Symptoms of brain tumor

From the 'American Cancer Society)

Signs and symptoms of brain and spinal cord tumors

Signs and symptoms from brain and spinal cord tumors may occur gradually and become worse over time, or they may happen suddenly.

General symptoms

Tumors in any part of the brain may raise the pressure inside the skull (known as intracranial pressure). This can be caused by growth of the tumor, swelling in the brain, or blockage of the flow of cerebrospinal fluid. Increased pressure can lead to general symptoms such as:

  • Headache
  • Nausea
  • Vomiting
  • Crossed eyes or blurred vision
  • Balance problems
  • Behavior changes
  • Seizures
  • Drowsiness or even coma

Headaches that get worse over time are a common symptom of brain tumors. However, not all brain tumors cause headaches, and most headaches are not caused by tumors.

In some children, seizures are the first symptom of a brain tumor. Most seizures in children are not caused by brain tumors, but if your child has a seizure, your child’s doctor may refer you to a neurologist (a doctor who specializes in brain and nervous system problems) to make sure it wasn’t caused by a brain tumor or other serious disease.

In the school-aged child, other general symptoms of tumors can include poor school performance, fatigue, and personality changes.

In the first few years of life, other symptoms of tumors can include irritability, loss of appetite, developmental delay, and a drop in intellectual and physical abilities.

If the child can cooperate, the doctor can sometimes tell if pressure inside the skull is increased by looking in the child’s eyes for swelling of the optic nerve (known as papilledema). In very young children who can’t complain of symptoms, a parent may notice an increase in head size, with or without bulging of the soft spots of the skull (fontanelles). This happens because the bones of the skull haven’t grown together yet, and increased pressure from a tumor can push them apart.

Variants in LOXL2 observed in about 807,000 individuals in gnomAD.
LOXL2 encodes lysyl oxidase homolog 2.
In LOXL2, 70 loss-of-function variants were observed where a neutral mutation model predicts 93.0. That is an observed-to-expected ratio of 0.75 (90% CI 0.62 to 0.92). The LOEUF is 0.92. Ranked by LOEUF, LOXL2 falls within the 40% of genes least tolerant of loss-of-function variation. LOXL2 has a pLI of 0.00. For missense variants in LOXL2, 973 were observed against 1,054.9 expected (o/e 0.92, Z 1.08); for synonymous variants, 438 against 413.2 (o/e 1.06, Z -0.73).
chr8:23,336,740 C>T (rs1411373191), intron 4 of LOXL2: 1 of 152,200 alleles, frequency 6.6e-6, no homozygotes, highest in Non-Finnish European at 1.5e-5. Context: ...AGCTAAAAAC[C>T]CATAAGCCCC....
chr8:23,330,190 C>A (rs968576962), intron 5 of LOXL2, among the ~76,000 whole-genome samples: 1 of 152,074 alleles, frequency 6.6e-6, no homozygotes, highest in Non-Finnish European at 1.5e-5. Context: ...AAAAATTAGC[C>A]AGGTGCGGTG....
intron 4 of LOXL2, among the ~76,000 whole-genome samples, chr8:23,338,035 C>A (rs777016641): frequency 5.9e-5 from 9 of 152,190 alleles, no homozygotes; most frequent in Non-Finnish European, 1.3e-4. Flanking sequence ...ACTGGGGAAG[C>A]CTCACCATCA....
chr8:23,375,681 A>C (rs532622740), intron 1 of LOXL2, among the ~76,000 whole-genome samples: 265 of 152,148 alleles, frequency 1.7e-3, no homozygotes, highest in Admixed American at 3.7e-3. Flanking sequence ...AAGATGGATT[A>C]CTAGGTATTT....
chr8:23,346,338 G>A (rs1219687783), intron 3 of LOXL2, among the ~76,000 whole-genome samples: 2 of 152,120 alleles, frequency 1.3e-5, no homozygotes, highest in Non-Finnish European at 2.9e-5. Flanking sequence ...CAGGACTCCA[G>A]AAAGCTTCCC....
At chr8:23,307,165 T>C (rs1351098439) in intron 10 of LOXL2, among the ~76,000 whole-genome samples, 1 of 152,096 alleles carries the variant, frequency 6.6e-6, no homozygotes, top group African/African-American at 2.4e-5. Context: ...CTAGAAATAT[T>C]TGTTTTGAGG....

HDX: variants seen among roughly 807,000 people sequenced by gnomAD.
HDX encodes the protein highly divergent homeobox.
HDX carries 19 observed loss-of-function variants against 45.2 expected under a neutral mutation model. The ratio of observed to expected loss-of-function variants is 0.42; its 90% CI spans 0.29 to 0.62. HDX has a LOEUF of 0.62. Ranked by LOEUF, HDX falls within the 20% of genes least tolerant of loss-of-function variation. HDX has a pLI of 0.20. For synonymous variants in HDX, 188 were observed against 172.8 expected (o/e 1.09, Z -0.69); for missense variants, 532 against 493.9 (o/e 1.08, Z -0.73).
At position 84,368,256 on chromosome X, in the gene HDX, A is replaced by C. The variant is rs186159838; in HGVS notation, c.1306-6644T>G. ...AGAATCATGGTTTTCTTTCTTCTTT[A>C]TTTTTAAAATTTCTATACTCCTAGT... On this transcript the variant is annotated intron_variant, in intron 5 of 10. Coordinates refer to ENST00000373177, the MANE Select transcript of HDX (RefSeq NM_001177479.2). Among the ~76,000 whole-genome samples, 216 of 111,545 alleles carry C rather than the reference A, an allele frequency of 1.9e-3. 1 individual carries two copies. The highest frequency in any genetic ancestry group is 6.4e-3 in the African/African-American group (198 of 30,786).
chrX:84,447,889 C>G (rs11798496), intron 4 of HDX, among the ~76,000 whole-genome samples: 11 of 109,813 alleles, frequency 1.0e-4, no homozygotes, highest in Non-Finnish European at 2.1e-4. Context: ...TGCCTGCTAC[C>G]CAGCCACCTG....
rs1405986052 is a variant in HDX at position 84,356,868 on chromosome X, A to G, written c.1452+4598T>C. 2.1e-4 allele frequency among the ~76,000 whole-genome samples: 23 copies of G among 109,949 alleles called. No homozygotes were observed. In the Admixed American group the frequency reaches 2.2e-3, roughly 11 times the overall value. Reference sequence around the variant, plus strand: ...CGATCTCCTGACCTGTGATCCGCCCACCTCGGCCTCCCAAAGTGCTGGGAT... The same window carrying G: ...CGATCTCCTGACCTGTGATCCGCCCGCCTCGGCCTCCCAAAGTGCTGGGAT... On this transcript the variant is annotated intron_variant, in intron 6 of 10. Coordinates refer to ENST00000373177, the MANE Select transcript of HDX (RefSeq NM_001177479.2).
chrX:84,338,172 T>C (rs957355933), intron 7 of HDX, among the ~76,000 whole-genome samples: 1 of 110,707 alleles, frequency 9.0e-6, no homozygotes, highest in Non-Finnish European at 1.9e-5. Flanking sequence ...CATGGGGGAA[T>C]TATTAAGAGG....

Symptoms of tumors in different parts of the central nervous system

Tumors in different parts of the central nervous system can cause different symptoms. But these symptoms can be caused by any disease in that particular location in the brain – they do not always mean a child has a brain tumor.

Brain and spinal cord tumors often cause problems with the specific functions of the region they develop in. For example:

  • Tumors in the parts of the cerebrum (the large, outer part of the brain) that control movement or sensation may cause weakness or numbness in a part of the body.
  • Tumors in or near the parts of the cerebrum responsible for language may cause problems with speech or even understanding words.
  • Tumors in the front part of the cerebrum can sometimes affect thinking and personality.
  • Tumors in an area of the brain called the basal ganglia typically cause abnormal movements and body positions.
  • If the tumor is in the cerebellum, which controls coordination, the child may have trouble walking or with other normal functions, even eating.
  • Tumors in the back part of the cerebrum, or around the pituitary gland, the optic nerves, or certain other cranial nerves may cause vision problems.
  • Tumors in or near other cranial nerves may lead to loss of hearing, balance problems, weakness of some facial muscles, or trouble swallowing.
  • Spinal cord tumors may cause numbness, weakness, or lack of coordination in the arms and/or legs, as well as bladder or bowel problems.

Having one or more of the symptoms above does not mean that your child definitely has a brain or spinal cord tumor. All of these symptoms may have other causes. Still, if your child has any of these symptoms, especially if they don’t go away or get worse over time, see your child’s doctor so that the cause can be found and treated, if needed.

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